The decision of when to place a patient on the transplant waiting list is based on a combination of many factors, including extremely poor ventricular function (left ventricular fractional shortening <10%; normal is 28-40%), poor exercise tolerance as determined by cardiopulmonary exercise testing (Chapter 417.5), poor response to medical anticongestive therapy, multiple hospitalizations for heart failure, arrhythmia, progressive deterioration in renal or hepatic function, early stages of pulmonary vascular disease, and poor nutritional status. In patients awaiting transplantation, those with poor left ventricular function (fractional shortening <15%) are usually started on a regimen of anticoagulation to reduce the risk of mural thrombosis and thromboembolism. Patients with cardiogenic shock unresponsive to standard pharmacologic treatment may be candidates for placement of left ventricular (LVAD) or biventricular (BiVAD) assist devices, or for extracorporeal membrane oxygenation (ECMO) support, which can stabilize hemodynamics and serve as a bridge to transplantation (Chapter 436).

Perioperative Management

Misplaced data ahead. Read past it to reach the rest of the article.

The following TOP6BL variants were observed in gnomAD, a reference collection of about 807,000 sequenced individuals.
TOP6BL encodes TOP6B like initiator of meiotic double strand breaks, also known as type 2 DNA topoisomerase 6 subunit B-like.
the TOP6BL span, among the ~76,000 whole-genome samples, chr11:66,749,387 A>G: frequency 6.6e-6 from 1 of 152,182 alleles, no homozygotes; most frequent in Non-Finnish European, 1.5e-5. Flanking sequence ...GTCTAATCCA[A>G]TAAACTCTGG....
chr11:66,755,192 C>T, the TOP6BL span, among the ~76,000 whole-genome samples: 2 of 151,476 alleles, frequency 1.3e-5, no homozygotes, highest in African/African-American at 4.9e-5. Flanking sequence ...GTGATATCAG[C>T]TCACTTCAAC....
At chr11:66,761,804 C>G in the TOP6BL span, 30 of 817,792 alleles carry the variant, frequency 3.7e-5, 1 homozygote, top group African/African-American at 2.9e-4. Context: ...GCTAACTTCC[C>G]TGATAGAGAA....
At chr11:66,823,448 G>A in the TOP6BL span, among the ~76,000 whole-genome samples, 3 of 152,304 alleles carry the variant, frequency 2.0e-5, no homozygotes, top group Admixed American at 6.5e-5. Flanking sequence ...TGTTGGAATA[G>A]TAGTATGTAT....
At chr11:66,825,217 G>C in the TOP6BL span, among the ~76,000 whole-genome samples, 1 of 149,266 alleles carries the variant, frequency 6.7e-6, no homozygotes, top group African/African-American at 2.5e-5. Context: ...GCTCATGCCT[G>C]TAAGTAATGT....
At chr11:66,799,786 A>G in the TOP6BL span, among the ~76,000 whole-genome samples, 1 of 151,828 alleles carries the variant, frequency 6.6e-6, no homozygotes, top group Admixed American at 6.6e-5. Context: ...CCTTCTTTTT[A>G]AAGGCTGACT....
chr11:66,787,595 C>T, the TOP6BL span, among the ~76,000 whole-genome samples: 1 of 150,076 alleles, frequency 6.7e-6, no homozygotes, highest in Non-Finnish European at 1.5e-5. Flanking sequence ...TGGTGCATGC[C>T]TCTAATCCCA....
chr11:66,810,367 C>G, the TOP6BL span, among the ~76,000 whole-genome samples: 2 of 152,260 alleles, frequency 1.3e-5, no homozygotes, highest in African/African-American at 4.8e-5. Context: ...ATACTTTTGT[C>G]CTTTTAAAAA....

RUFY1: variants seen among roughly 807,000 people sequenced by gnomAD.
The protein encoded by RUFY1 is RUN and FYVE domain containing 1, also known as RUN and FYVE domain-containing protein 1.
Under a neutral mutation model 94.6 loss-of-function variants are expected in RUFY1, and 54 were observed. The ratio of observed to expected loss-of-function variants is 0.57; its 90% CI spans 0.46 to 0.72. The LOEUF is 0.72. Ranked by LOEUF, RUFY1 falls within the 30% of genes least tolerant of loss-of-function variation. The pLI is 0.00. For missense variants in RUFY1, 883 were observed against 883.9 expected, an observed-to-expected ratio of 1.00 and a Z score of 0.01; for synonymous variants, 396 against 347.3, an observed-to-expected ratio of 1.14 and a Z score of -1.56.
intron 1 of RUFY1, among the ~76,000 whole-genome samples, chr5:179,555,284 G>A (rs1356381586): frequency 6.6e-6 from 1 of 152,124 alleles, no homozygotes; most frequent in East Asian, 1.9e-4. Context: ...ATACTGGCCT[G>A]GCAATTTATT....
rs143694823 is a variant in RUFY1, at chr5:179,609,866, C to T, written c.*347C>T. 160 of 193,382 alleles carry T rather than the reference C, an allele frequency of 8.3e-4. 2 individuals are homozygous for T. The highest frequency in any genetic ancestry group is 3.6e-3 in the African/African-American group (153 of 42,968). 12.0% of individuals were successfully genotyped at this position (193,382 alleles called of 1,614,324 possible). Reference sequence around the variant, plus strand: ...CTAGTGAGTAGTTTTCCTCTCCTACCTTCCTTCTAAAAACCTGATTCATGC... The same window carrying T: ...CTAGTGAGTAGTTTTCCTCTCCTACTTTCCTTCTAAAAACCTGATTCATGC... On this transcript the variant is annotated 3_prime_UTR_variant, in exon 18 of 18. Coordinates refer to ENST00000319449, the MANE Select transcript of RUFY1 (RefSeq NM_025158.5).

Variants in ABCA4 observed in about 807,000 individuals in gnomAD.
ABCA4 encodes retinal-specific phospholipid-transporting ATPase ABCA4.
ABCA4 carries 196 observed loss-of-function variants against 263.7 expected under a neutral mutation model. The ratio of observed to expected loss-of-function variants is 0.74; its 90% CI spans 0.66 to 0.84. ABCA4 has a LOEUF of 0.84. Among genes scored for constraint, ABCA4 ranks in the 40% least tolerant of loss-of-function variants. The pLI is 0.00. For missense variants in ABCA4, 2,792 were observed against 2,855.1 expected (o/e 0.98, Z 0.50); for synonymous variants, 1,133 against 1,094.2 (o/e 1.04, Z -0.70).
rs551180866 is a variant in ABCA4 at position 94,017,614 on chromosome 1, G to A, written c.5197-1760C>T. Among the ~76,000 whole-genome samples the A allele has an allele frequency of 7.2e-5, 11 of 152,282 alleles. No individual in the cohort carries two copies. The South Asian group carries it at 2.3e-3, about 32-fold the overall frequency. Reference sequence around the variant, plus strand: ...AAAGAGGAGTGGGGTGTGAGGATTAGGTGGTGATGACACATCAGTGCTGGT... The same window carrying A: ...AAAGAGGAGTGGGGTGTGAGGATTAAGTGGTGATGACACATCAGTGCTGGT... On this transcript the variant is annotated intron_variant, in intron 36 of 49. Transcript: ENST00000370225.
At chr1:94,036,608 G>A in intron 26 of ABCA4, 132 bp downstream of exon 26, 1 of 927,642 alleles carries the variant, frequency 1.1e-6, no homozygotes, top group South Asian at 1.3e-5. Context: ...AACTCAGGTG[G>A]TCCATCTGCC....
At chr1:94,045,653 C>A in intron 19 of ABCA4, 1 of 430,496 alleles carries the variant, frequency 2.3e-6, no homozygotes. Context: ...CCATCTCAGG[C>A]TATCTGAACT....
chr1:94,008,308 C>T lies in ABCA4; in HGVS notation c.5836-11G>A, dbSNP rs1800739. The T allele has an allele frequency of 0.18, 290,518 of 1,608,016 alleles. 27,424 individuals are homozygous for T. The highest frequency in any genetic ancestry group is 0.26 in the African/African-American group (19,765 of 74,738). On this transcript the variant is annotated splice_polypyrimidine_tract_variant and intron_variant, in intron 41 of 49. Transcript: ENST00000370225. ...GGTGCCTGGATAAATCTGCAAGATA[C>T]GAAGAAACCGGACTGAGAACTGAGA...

In the classic operation, both donor and recipient hearts were excised so that the posterior portions of the atria containing the venae cavae and pulmonary veins are left intact. The aorta and pulmonary artery are divided above the level of the semilunar valves. The anterior portion of the donor’s atria was then connected to the remaining posterior portion of the recipient’s atria, thereby avoiding the need for delicate suturing of the venae cavae or pulmonary veins. The donor and recipient great vessels were connected via end-to-end anastomoses. This has largely been supplanted by the bicaval anastomosis, with the donor right atrium (and sinus node) left intact and the suture lines at the superior and inferior vena cavae; the left atrial connection is still performed as in the classic procedure. Heterotopic heart transplantation has been used for patients with left ventricular cardiomyopathy and elevated pulmonary vascular resistance. In this operation, the donor and recipient hearts are connected in parallel, so that the recipient right ventricle (which has hypertrophied over time due to the elevated pulmonary pressures) pumps mostly to the lungs, and the donor left ventricle pumps mostly to the body. This operation is preferable to heart-lung transplant for appropriate candidates (patients with pulmonary hypertension but without parenchymal lung disease, without evidence of right ventricular failure, and without serious congenital heart disease), as it is associated with a greater survival at all post-transplant time points.